if (spriteBitmapDataIndex == spriteSheetFrameCount) {
spriteBitmapDataIndex=0;
}
animationFrameCount=0;
}
animationFrameCount++;
blitRectangle.x=32*spriteBitmapDataIndex;
blitPoint.x=x;
blitPoint.y=y;
parentClass.getScreenBD().copyPixels(parentClass.getSpriteSheet(),blitRectangle, blitPoint);
[/cc]

The blitPoint and blitRectangle must be updated each frame to scroll along the sheet and ensure the data is blitted to the correct position on the screenBD canavas.

RESULTS:

My basic methodology for the test was to make sure the only programs running on my machine were Excel and the external .swf player for CS3. I did all of these tests outside of the Browser and the Flash IDE as to not be encumbered by the limitations of each. I wrote the testing program in a way that allows me to perform multiple tests without shutting down an restarting the program, but because I am sure garbage collection would have played a part in changing some of the results, I opted to close and restart the testing app between each run. Each test was run for 1000 frames.

100 Object Test. Below are my results for the first run with 100 objects animating and moving across and down the screen. I have noted the peak frame rate and render frame rates and model times. The model time is calculated through the use of the older get Timer() method because it is the only timing method I could find that would actually give me accurate results (Thanks for your help on this one, Chris Cutler). For the Method model, I take the get Timer() time before I start the loop through all of the objects and again when the loop is complete. I have optimized this loop to the best of my ability. For the EVENT model, I took the get Timer() before the event dispatch, and took one on the line directly beneath. It seems that Flash does call these in a synchronous manner, so it seems to work fine.

Model METHOD EVENT
100 Objects
Render (frame rate) Peak FPS FPS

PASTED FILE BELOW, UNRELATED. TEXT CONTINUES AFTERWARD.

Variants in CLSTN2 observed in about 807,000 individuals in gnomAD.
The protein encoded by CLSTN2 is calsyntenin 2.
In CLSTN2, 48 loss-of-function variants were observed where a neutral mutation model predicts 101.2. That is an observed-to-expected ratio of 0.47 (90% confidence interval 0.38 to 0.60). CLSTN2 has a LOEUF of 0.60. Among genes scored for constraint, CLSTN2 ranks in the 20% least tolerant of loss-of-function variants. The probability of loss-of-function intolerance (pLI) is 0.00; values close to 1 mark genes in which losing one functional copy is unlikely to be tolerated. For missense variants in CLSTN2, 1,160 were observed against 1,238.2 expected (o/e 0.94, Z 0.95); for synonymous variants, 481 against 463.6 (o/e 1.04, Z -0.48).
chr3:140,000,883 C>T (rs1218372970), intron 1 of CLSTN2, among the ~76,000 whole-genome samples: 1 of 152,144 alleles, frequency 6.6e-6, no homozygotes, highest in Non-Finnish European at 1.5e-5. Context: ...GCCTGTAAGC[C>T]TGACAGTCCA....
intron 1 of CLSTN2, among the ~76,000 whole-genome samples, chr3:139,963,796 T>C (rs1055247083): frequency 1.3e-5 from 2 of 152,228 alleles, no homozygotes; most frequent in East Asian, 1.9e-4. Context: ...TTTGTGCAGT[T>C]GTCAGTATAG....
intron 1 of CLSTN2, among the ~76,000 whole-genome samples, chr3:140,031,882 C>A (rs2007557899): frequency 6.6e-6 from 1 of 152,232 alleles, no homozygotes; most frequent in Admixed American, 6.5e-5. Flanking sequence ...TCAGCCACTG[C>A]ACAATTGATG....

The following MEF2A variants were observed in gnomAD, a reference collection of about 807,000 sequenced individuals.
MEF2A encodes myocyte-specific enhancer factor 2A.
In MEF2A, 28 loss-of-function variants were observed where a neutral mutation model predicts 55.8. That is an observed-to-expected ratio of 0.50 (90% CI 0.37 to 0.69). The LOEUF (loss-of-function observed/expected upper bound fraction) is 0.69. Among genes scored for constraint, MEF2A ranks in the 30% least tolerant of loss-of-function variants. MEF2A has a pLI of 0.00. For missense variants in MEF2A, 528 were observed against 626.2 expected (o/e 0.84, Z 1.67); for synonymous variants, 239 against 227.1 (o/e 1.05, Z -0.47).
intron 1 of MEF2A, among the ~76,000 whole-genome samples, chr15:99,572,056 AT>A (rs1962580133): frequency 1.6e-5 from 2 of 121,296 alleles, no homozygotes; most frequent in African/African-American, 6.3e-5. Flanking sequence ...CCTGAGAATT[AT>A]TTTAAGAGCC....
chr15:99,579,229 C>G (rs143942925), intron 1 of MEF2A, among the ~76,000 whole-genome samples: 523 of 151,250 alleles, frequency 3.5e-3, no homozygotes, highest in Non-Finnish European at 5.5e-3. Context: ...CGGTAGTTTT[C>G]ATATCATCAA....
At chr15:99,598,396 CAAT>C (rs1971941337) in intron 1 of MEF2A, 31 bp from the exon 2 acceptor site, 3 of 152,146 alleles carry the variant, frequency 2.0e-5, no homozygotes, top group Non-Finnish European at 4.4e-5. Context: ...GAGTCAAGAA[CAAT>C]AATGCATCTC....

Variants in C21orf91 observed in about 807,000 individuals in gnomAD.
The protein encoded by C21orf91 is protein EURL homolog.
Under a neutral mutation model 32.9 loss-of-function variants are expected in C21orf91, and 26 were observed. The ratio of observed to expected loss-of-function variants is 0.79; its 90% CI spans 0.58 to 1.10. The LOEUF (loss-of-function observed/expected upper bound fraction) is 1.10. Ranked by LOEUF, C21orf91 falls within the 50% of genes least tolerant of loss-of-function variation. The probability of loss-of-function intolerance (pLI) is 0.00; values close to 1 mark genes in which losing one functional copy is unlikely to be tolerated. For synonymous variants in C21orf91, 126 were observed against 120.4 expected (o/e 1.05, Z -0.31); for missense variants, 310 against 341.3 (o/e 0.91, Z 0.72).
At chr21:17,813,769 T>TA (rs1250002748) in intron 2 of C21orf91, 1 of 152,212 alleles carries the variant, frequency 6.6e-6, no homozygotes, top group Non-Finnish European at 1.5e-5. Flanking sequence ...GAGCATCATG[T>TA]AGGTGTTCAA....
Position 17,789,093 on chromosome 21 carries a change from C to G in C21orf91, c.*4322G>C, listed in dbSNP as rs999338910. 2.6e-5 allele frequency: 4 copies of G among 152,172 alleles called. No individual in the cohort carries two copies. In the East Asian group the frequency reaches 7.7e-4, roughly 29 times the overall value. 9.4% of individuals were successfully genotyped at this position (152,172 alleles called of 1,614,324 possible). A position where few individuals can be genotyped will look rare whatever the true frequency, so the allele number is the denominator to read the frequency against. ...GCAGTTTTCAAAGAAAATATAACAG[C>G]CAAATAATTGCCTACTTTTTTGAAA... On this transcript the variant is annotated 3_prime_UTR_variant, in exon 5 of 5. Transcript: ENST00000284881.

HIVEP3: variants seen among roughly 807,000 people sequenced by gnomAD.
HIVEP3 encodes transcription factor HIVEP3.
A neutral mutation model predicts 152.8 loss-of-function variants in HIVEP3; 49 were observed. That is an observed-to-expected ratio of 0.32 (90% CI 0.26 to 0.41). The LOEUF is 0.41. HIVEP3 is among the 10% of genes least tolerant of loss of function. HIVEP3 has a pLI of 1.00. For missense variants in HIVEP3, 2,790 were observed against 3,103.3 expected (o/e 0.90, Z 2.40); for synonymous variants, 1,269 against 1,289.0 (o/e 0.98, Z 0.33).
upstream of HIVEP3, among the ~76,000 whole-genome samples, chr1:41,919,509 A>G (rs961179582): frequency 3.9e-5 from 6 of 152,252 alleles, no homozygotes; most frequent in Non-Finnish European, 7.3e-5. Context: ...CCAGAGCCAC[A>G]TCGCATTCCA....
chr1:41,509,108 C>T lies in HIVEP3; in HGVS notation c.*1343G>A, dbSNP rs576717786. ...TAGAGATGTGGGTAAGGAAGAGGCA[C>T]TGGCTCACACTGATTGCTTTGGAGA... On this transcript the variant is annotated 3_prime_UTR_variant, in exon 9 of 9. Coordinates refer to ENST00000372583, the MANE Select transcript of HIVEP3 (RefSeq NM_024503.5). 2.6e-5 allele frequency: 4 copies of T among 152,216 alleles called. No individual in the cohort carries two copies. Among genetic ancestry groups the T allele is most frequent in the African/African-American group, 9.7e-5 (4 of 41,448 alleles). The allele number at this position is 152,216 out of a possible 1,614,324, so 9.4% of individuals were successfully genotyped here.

#1 Array, One Sprite 125 126
#2 Array, Multiple Sprites 125 126
#3 Scrollrect, Multiple Sprites 125 125
#4 GAS, Muliple Sprites 109 109
#5 Sprite Sheet, One Sprite 126 125
Render (frame rate) Avg FPS FPS
#1 Array, One Sprite 124 124
#2 Array, Multiple Sprites 124 124
#3 Scrollrect, Multiple Sprites 124 123
#4 GAS, Multiple Sprites 107 107
#5 Sprite Sheet, One Sprite 124 124
Model Times Peak milliseconds milliseconds
#1 Array, One Sprite 4 11
#2 Array, Multiple Sprites 3 10
#3 Scrollrect, Multiple Sprites 11 10
#4 GAS, Multiple Sprites 1 10
#5 Sprite Sheet, One Sprite 2 2
Model Times Avg milliseconds milliseconds
#1 Array, One Sprite 0.958 0.978
#2 Array, Multiple Sprites 0.0069 0.013
#3 Scrollrect, Multiple Sprites 0.011 0.037
#4 GAS, Multiple Sprites 0.0519 0.065
#5 Sprite Sheet, One Sprite 0.975 0.969
Creation Time milliseconds milliseconds
#1 Array, One Sprite 3 3
#2 Array, Multiple Sprites 5 7
#3 Scrollrect, Multiple Sprites 6 8
#4 GAS, Multiple Sprites 13 13
#5 Sprite Sheet, One Sprite 3 3
Memory Usage Kilobytes Kilobytes
#1 Array, One Sprite 4747 4915
#2 Array, Multiple Sprites 4788 5050
#3 Scrollrect, Multiple Sprites 5279 5558
#4 GAS, Multiple Sprites 5152 5320
#5 Sprite Sheet, One Sprite 4661 5001

All of the render methods performed very well from an FPS point of view. All of these achieved at least 109 FPS with 100 objects. GAS was the slowest, but all of the others averaged at least 123 FPS no matter which Model was used. It is interesting to note that the average render time for the model was much much lower for the array of sprite versions (especially the event model). The single bitmap blit (#1, and #5) had a much higher average millisecond MODEL run rate. This didn't seem to effect the frame rate much, as those achieved some of the highest FPS rates.